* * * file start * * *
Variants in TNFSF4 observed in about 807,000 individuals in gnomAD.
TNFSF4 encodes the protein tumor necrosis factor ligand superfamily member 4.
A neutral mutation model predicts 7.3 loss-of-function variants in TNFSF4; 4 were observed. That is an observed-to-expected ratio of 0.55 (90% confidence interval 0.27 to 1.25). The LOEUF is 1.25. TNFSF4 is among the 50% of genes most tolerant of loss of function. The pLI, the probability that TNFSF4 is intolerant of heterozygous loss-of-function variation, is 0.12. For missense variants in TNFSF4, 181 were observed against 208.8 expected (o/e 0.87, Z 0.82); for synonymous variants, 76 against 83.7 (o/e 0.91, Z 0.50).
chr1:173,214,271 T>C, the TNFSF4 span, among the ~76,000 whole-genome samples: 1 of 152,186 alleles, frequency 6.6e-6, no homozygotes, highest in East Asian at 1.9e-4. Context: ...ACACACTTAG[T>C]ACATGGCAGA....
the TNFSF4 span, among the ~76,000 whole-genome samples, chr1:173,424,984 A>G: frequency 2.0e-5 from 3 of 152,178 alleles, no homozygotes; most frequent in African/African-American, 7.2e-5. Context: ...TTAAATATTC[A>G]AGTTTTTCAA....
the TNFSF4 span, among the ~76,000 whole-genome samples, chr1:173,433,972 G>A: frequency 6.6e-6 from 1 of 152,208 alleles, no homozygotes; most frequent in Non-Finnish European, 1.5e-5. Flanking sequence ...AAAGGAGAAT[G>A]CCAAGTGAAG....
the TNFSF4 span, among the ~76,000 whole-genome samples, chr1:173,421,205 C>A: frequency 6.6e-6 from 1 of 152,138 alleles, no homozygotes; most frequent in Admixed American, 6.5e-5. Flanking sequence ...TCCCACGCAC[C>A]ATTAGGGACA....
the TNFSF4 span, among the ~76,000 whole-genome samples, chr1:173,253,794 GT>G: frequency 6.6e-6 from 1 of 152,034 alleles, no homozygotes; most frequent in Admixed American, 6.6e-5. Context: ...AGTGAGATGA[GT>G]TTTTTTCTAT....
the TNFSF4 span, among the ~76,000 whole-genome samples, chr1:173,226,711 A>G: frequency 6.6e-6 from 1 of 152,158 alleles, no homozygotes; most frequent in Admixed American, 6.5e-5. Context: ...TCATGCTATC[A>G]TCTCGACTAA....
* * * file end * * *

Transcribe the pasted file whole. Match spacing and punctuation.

Variants in TNFSF4 observed in about 807,000 individuals in gnomAD.
TNFSF4 encodes the protein tumor necrosis factor ligand superfamily member 4.
A neutral mutation model predicts 7.3 loss-of-function variants in TNFSF4; 4 were observed. That is an observed-to-expected ratio of 0.55 (90% confidence interval 0.27 to 1.25). The LOEUF is 1.25. TNFSF4 is among the 50% of genes most tolerant of loss of function. The pLI, the probability that TNFSF4 is intolerant of heterozygous loss-of-function variation, is 0.12. For missense variants in TNFSF4, 181 were observed against 208.8 expected (o/e 0.87, Z 0.82); for synonymous variants, 76 against 83.7 (o/e 0.91, Z 0.50).
chr1:173,214,271 T>C, the TNFSF4 span, among the ~76,000 whole-genome samples: 1 of 152,186 alleles, frequency 6.6e-6, no homozygotes, highest in East Asian at 1.9e-4. Context: ...ACACACTTAG[T>C]ACATGGCAGA....
the TNFSF4 span, among the ~76,000 whole-genome samples, chr1:173,424,984 A>G: frequency 2.0e-5 from 3 of 152,178 alleles, no homozygotes; most frequent in African/African-American, 7.2e-5. Context: ...TTAAATATTC[A>G]AGTTTTTCAA....
the TNFSF4 span, among the ~76,000 whole-genome samples, chr1:173,433,972 G>A: frequency 6.6e-6 from 1 of 152,208 alleles, no homozygotes; most frequent in Non-Finnish European, 1.5e-5. Flanking sequence ...AAAGGAGAAT[G>A]CCAAGTGAAG....
the TNFSF4 span, among the ~76,000 whole-genome samples, chr1:173,421,205 C>A: frequency 6.6e-6 from 1 of 152,138 alleles, no homozygotes; most frequent in Admixed American, 6.5e-5. Flanking sequence ...TCCCACGCAC[C>A]ATTAGGGACA....
the TNFSF4 span, among the ~76,000 whole-genome samples, chr1:173,253,794 GT>G: frequency 6.6e-6 from 1 of 152,034 alleles, no homozygotes; most frequent in Admixed American, 6.6e-5. Context: ...AGTGAGATGA[GT>G]TTTTTTCTAT....
the TNFSF4 span, among the ~76,000 whole-genome samples, chr1:173,226,711 A>G: frequency 6.6e-6 from 1 of 152,158 alleles, no homozygotes; most frequent in Admixed American, 6.5e-5. Context: ...TCATGCTATC[A>G]TCTCGACTAA....